In November, bright chrysanthemums cheer up the garden. They are also used to decorate graves on All Saints Day, November 1st. In Victorian times giving chrysanthemums to someone was like saying, ‘You’re a wonderful friend.’
In December, the Christmas rose blooms. A legend says that a poor shepherd girl was looking after her sheep when the three wise men passed by with their gifts for the baby Jesus. She cried because she had nothing – not even a flower – to offer as a gift to the baby. An angel heard her crying and brushed away the snow. Underneath were the saucer-shaped white flowers of the Christmas rose. The shepherd girl carried her gift to Bethlehem and gave it to Jesus.
Have you ever given anyone a gift of flowers? Think about the reason you had for giving it. Maybe it was for a special occasion, such as for Mothers’ Day, for a birthday or an anniversary. Or perhaps it was to say thank you, to say sorry or just to cheer someone up.
The Victorians were very fond of giving flowers. One reason for this was because they didn’t think it was polite to talk about their feelings, so instead they often gave flowers to say how they felt about someone. At this time many books were written about which flowers should be given for different occasions.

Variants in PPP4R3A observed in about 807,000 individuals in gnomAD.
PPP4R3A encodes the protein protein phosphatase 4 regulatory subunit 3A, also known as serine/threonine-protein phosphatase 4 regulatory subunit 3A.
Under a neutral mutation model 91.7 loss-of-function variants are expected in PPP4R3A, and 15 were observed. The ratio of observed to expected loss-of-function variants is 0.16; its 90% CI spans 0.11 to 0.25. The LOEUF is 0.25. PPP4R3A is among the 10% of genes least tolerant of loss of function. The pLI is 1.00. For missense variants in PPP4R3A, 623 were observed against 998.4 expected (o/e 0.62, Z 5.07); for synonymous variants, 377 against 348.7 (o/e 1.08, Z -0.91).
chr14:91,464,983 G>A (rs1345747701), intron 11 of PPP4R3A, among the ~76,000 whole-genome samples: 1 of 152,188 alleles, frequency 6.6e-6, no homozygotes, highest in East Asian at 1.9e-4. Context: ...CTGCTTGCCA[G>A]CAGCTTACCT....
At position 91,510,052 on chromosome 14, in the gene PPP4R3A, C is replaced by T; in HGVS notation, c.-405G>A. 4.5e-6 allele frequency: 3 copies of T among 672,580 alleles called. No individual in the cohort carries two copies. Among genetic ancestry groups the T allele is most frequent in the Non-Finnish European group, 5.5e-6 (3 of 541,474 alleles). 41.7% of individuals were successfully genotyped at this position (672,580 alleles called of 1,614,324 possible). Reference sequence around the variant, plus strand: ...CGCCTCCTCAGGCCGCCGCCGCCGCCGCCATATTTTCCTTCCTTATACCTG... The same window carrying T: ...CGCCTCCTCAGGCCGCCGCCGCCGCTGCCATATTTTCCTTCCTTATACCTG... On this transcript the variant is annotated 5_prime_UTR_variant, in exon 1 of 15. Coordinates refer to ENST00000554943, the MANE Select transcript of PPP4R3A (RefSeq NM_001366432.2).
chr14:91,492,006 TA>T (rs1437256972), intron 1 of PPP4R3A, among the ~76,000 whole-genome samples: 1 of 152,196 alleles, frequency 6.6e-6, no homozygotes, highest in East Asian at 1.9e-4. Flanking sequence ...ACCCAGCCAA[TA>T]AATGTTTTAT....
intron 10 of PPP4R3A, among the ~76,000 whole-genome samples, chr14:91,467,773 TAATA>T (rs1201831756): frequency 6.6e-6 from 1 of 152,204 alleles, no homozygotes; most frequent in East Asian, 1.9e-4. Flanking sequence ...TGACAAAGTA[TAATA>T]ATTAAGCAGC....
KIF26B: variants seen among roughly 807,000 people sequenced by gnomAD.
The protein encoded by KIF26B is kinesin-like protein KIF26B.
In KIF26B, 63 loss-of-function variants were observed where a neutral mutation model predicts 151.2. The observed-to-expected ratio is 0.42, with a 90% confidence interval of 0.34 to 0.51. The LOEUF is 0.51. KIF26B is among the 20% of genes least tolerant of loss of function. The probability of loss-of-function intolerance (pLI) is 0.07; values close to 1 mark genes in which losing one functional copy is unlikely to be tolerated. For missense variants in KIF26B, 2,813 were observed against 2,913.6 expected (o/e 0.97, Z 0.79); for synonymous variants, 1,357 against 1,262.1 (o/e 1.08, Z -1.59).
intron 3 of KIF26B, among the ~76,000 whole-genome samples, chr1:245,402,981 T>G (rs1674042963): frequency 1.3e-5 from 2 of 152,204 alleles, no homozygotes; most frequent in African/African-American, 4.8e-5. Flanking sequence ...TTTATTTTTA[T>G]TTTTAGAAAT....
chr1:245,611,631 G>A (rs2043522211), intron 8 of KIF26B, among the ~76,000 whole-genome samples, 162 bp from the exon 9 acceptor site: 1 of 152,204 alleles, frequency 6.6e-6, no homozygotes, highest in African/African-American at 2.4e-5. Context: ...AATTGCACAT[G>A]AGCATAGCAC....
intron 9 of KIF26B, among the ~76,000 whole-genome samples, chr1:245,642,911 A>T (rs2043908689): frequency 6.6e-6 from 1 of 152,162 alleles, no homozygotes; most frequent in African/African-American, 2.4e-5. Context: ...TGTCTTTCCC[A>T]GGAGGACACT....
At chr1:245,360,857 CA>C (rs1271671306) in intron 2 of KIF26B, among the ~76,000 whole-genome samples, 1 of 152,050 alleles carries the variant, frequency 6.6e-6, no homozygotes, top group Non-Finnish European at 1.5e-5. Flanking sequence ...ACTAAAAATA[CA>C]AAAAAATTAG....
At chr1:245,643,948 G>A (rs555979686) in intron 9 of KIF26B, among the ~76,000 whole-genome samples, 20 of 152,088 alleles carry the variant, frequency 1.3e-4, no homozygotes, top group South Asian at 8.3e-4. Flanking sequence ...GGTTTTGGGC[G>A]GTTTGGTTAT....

Today people still use this ‘language of flowers’ to send someone an unspoken message. For example:
- red roses are a symbol of love
- yellow roses are a sign of jealousy
- white lilies represent purity
- poppies send a message of comfort when someone dies.
But we do not need to give flowers to say kind and thoughtful things to others. We can show how we feel by what we say and what we do.
Thank you for the beautiful flowers that we can see around us throughout the year. As we thank you, we remember that flowers are often a way to send a message to others. Make us more thoughtful and help us to be kind to others, not just by giving gifts of flowers, but in our thoughts and actions.